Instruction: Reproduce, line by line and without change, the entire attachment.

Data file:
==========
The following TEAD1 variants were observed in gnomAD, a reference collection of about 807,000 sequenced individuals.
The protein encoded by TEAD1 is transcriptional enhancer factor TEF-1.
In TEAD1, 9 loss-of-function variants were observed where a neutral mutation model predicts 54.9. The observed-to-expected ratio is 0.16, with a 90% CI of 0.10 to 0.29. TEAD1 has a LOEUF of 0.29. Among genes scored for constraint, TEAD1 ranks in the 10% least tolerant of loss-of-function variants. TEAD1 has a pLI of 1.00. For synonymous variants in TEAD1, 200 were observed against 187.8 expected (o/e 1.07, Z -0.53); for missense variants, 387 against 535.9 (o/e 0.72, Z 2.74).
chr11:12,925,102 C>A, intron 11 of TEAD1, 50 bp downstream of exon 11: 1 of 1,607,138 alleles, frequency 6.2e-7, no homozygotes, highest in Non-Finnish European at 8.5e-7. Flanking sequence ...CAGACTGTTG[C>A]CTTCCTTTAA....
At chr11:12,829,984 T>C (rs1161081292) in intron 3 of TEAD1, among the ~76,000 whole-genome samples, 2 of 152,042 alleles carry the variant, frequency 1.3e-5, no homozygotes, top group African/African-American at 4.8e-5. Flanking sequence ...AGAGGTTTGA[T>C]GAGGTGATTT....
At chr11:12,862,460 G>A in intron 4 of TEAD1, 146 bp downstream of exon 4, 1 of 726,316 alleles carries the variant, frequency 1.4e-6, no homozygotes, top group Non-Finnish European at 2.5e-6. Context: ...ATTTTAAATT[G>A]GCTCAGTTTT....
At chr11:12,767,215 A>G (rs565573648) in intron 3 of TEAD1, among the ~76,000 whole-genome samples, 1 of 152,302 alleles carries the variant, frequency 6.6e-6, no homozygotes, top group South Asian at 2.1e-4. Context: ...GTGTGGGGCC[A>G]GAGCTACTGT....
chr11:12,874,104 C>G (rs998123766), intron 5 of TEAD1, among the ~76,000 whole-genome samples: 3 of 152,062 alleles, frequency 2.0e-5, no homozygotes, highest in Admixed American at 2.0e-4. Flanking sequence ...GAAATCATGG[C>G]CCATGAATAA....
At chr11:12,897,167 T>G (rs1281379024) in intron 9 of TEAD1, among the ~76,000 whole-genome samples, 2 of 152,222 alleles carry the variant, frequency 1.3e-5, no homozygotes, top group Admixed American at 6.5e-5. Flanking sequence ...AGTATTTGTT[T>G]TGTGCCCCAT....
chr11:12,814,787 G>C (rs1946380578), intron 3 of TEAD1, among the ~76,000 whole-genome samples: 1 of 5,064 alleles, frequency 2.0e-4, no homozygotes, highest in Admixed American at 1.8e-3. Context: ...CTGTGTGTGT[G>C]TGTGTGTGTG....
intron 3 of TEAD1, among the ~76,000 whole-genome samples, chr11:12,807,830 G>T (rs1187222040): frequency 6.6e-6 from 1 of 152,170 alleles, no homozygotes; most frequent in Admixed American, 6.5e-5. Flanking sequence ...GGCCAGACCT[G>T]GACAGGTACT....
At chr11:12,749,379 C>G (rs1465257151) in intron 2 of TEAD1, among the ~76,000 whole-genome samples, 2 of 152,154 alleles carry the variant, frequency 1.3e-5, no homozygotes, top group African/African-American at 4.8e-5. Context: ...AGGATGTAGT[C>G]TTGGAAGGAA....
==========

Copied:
The following TEAD1 variants were observed in gnomAD, a reference collection of about 807,000 sequenced individuals.
The protein encoded by TEAD1 is transcriptional enhancer factor TEF-1.
In TEAD1, 9 loss-of-function variants were observed where a neutral mutation model predicts 54.9. The observed-to-expected ratio is 0.16, with a 90% CI of 0.10 to 0.29. TEAD1 has a LOEUF of 0.29. Among genes scored for constraint, TEAD1 ranks in the 10% least tolerant of loss-of-function variants. TEAD1 has a pLI of 1.00. For synonymous variants in TEAD1, 200 were observed against 187.8 expected (o/e 1.07, Z -0.53); for missense variants, 387 against 535.9 (o/e 0.72, Z 2.74).
chr11:12,925,102 C>A, intron 11 of TEAD1, 50 bp downstream of exon 11: 1 of 1,607,138 alleles, frequency 6.2e-7, no homozygotes, highest in Non-Finnish European at 8.5e-7. Flanking sequence ...CAGACTGTTG[C>A]CTTCCTTTAA....
At chr11:12,829,984 T>C (rs1161081292) in intron 3 of TEAD1, among the ~76,000 whole-genome samples, 2 of 152,042 alleles carry the variant, frequency 1.3e-5, no homozygotes, top group African/African-American at 4.8e-5. Flanking sequence ...AGAGGTTTGA[T>C]GAGGTGATTT....
At chr11:12,862,460 G>A in intron 4 of TEAD1, 146 bp downstream of exon 4, 1 of 726,316 alleles carries the variant, frequency 1.4e-6, no homozygotes, top group Non-Finnish European at 2.5e-6. Context: ...ATTTTAAATT[G>A]GCTCAGTTTT....
At chr11:12,767,215 A>G (rs565573648) in intron 3 of TEAD1, among the ~76,000 whole-genome samples, 1 of 152,302 alleles carries the variant, frequency 6.6e-6, no homozygotes, top group South Asian at 2.1e-4. Context: ...GTGTGGGGCC[A>G]GAGCTACTGT....
chr11:12,874,104 C>G (rs998123766), intron 5 of TEAD1, among the ~76,000 whole-genome samples: 3 of 152,062 alleles, frequency 2.0e-5, no homozygotes, highest in Admixed American at 2.0e-4. Flanking sequence ...GAAATCATGG[C>G]CCATGAATAA....
At chr11:12,897,167 T>G (rs1281379024) in intron 9 of TEAD1, among the ~76,000 whole-genome samples, 2 of 152,222 alleles carry the variant, frequency 1.3e-5, no homozygotes, top group Admixed American at 6.5e-5. Flanking sequence ...AGTATTTGTT[T>G]TGTGCCCCAT....
chr11:12,814,787 G>C (rs1946380578), intron 3 of TEAD1, among the ~76,000 whole-genome samples: 1 of 5,064 alleles, frequency 2.0e-4, no homozygotes, highest in Admixed American at 1.8e-3. Context: ...CTGTGTGTGT[G>C]TGTGTGTGTG....
intron 3 of TEAD1, among the ~76,000 whole-genome samples, chr11:12,807,830 G>T (rs1187222040): frequency 6.6e-6 from 1 of 152,170 alleles, no homozygotes; most frequent in Admixed American, 6.5e-5. Flanking sequence ...GGCCAGACCT[G>T]GACAGGTACT....
At chr11:12,749,379 C>G (rs1465257151) in intron 2 of TEAD1, among the ~76,000 whole-genome samples, 2 of 152,154 alleles carry the variant, frequency 1.3e-5, no homozygotes, top group African/African-American at 4.8e-5. Context: ...AGGATGTAGT[C>G]TTGGAAGGAA....